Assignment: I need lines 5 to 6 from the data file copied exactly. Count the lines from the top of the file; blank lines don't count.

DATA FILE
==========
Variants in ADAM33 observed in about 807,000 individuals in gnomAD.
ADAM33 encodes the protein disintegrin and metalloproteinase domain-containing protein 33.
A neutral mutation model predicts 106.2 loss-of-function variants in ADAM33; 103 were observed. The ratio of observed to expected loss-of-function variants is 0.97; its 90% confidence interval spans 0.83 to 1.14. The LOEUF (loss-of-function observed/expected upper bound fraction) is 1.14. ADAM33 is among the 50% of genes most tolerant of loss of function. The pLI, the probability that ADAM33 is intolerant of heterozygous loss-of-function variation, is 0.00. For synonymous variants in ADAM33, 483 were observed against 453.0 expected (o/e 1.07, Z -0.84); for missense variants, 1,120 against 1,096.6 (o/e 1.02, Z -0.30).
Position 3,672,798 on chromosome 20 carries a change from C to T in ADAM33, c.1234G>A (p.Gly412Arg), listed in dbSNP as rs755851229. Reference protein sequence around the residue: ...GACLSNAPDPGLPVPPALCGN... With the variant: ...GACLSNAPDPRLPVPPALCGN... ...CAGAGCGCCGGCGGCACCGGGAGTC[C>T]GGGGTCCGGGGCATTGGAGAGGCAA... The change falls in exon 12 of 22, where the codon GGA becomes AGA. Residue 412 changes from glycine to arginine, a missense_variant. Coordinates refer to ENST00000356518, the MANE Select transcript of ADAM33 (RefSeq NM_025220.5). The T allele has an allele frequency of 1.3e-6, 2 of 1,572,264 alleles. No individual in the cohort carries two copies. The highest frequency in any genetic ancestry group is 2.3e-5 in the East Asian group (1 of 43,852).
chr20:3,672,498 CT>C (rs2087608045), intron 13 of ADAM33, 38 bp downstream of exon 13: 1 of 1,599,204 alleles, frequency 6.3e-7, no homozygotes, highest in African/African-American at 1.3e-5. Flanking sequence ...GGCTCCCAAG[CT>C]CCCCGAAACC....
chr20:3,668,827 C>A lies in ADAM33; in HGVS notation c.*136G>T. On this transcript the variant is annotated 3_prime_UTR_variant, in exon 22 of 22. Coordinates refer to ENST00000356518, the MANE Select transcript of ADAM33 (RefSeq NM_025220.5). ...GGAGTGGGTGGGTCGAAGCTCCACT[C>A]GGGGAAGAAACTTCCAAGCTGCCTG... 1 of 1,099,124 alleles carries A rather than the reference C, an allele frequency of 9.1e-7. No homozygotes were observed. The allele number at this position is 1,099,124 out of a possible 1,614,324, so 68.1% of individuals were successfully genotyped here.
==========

chr20:3,672,498 CT>C (rs2087608045), intron 13 of ADAM33, 38 bp downstream of exon 13: 1 of 1,599,204 alleles, frequency 6.3e-7, no homozygotes, highest in African/African-American at 1.3e-5. Flanking sequence ...GGCTCCCAAG[CT>C]CCCCGAAACC....
chr20:3,668,827 C>A lies in ADAM33; in HGVS notation c.*136G>T. On this transcript the variant is annotated 3_prime_UTR_variant, in exon 22 of 22. Coordinates refer to ENST00000356518, the MANE Select transcript of ADAM33 (RefSeq NM_025220.5). ...GGAGTGGGTGGGTCGAAGCTCCACT[C>A]GGGGAAGAAACTTCCAAGCTGCCTG... 1 of 1,099,124 alleles carries A rather than the reference C, an allele frequency of 9.1e-7. No homozygotes were observed. The allele number at this position is 1,099,124 out of a possible 1,614,324, so 68.1% of individuals were successfully genotyped here.